Bus problems

There are a significant number of people who view scientists as boffins in white coats who lock themselves in their labs for twelve hours a day while they invent things that are entirely useless to anybody.  This view is somewhat stereotyped, and I hope my blog goes a small way to changing it. (Am I succeeding? – you tell me please).

So needless to say when I find scientific articles that basically support the boffin picture, I tend to put my head in my hands and wonder why I bother. 


This is one (it’s had a bit of airing in internet discussion already). It concerns public transport, and is, for the most part, an entirely reasonable bit of scientific work, except for the hilarious recommendations it makes at the end. The paper concerns the ‘Equal Headway Instability’. In simple English, that’s the phenomenon by which you wait ages for a bus and all of a sudden three turn up at once. Sounds familiar? Maybe you want to substitute trains, trams, lifts (elevators) for the bus, but the same thing happens. And this phenomenon is not just a perception amongst frustrated commuters, it actually happens.

It is well-known (in public transport circles at least) that the bunching of buses in this way is almost inevitable. Basically, it happens because a bus at the front of the group has to keep stopping to pick up passengers (thus slowing it down) but the bus following a minute later finds there are no passengers at the stop, so it carries on, thus catching up the bus in front. Once a group a buses begins to form, it is very difficult to break it up.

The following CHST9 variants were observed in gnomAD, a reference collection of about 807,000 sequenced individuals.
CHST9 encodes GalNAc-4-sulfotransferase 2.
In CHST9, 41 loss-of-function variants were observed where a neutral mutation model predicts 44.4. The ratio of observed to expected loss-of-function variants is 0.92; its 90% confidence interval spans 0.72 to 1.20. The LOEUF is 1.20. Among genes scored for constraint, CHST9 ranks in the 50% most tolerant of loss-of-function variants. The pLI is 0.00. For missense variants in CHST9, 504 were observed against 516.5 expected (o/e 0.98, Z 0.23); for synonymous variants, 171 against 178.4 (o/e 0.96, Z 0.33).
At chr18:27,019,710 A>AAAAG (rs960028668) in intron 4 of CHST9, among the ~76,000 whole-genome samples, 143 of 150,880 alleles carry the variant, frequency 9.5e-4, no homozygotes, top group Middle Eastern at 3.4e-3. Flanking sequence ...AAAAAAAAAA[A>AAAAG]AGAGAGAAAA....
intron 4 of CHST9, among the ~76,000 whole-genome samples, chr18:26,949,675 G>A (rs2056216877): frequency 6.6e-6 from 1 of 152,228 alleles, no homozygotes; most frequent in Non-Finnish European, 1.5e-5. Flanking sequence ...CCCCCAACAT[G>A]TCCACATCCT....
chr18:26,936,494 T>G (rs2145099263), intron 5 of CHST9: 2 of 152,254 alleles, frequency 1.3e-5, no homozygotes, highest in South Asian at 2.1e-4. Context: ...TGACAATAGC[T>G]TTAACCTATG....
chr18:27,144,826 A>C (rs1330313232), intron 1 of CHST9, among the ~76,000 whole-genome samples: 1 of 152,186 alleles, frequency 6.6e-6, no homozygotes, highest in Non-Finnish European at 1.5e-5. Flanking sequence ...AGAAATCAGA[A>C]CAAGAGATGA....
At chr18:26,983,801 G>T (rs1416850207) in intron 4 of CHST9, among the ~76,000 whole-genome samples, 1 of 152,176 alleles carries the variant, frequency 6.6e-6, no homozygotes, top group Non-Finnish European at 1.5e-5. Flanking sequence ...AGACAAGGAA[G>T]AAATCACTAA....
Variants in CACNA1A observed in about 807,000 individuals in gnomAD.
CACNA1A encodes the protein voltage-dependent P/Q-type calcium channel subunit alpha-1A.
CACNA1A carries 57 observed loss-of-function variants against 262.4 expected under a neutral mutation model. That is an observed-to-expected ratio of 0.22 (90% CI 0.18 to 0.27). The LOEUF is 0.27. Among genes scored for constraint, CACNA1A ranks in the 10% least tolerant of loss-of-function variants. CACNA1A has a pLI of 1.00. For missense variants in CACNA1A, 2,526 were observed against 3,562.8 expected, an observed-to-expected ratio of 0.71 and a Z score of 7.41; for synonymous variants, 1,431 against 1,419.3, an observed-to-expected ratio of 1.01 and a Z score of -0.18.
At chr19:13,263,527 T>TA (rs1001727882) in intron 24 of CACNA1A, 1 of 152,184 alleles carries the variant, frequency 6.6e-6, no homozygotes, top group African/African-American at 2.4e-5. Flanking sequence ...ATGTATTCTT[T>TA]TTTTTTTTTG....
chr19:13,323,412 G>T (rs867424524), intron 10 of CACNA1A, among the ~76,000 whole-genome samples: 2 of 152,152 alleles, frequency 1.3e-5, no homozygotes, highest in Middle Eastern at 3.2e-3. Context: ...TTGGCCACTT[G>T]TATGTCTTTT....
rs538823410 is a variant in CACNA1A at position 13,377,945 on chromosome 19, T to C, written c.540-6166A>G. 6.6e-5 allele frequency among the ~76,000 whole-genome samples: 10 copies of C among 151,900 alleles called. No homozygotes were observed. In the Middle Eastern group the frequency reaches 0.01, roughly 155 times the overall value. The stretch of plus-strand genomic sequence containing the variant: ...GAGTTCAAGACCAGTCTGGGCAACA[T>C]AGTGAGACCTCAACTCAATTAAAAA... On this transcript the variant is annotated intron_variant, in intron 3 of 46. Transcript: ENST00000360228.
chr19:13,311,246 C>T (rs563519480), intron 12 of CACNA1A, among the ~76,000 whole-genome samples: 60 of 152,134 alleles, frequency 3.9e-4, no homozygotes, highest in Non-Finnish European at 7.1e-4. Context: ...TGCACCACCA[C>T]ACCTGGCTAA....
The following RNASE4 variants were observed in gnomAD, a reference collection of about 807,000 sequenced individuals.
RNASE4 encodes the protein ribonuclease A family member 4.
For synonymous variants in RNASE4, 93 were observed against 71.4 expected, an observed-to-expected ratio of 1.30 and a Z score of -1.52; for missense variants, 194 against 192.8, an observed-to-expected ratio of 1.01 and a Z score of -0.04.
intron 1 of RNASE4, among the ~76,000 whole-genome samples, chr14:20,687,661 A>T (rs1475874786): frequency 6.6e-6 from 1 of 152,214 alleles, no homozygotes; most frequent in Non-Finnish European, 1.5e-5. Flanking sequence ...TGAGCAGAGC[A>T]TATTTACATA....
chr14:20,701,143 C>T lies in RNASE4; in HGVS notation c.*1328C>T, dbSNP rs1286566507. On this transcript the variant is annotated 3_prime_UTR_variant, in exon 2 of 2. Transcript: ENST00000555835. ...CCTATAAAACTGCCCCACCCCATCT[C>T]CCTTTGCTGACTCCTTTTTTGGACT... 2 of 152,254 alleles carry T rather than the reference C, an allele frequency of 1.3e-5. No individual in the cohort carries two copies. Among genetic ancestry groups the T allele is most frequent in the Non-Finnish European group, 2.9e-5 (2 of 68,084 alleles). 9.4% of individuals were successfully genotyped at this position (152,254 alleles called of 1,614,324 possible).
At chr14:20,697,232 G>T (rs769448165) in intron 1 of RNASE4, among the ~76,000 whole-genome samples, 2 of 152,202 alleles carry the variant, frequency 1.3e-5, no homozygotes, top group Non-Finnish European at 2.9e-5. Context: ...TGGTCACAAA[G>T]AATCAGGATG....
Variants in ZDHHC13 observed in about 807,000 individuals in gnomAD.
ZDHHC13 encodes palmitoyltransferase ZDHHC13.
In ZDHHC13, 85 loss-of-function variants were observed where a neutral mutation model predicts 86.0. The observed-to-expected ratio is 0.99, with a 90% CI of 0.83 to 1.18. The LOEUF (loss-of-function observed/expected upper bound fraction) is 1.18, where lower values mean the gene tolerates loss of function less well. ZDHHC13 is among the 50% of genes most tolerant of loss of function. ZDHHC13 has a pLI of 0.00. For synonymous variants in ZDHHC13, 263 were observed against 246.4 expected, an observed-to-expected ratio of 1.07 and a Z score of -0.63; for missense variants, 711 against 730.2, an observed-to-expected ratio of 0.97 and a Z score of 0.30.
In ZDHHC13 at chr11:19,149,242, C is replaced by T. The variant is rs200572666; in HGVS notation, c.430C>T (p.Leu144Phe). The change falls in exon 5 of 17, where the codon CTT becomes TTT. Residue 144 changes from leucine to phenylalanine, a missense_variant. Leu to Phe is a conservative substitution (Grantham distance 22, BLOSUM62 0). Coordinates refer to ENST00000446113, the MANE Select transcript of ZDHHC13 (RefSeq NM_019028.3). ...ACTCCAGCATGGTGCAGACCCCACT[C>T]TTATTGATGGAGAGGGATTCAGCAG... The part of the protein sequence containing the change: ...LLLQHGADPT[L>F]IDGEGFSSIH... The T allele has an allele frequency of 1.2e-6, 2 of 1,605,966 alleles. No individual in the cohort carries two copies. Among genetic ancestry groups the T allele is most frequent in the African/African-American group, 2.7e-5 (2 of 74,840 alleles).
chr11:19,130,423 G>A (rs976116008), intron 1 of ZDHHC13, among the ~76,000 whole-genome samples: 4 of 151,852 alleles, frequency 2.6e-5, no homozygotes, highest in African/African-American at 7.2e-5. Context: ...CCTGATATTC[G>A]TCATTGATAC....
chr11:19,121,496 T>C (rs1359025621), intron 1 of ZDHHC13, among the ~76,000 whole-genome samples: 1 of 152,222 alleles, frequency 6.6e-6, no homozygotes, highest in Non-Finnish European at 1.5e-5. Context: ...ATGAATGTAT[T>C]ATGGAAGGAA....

In the article, the authors talk about how general the phenomenon is, and analyze (with a computer) different approaches to prevent it. For example, one approach that is commonly tried, is to hold a bus at a stop if it gets there early, giving the bus ahead a chance to get some more distance. The downside is that it annoys those on the bus, who were beginning to think that they might get home early.

Finally, the authors make some recommendations, both to transport system designers, and to passengers themselves. It is the latter set that is somewhat amusing. They focus on preventing delays to buses / trains / lifts etc by ‘good’ passenger etiquette.  Things like ‘Let people off first before boarding yourself’ and ‘Don’t stand around the door area; move further along the carriage’.

Didn’t we know all this already? Do we need a piece of scientific research to tell us that this is utterly sensible behaviour? Anyone who has ever ridden on a city’s underground network will be utterly familiar with such instructions. The authors also suggest a publicity campaign educating users in the Equal Headway Instability, in a manner adapted to the local culture. (And, they hope to test it upon the citizens of Mexico City.) Can you imagine standing on an underground platform in, say,  London, looking across the track to the adverts on the wall opposite, and your eyes fixing upon the one entitled "The Equal Headway Instability"?

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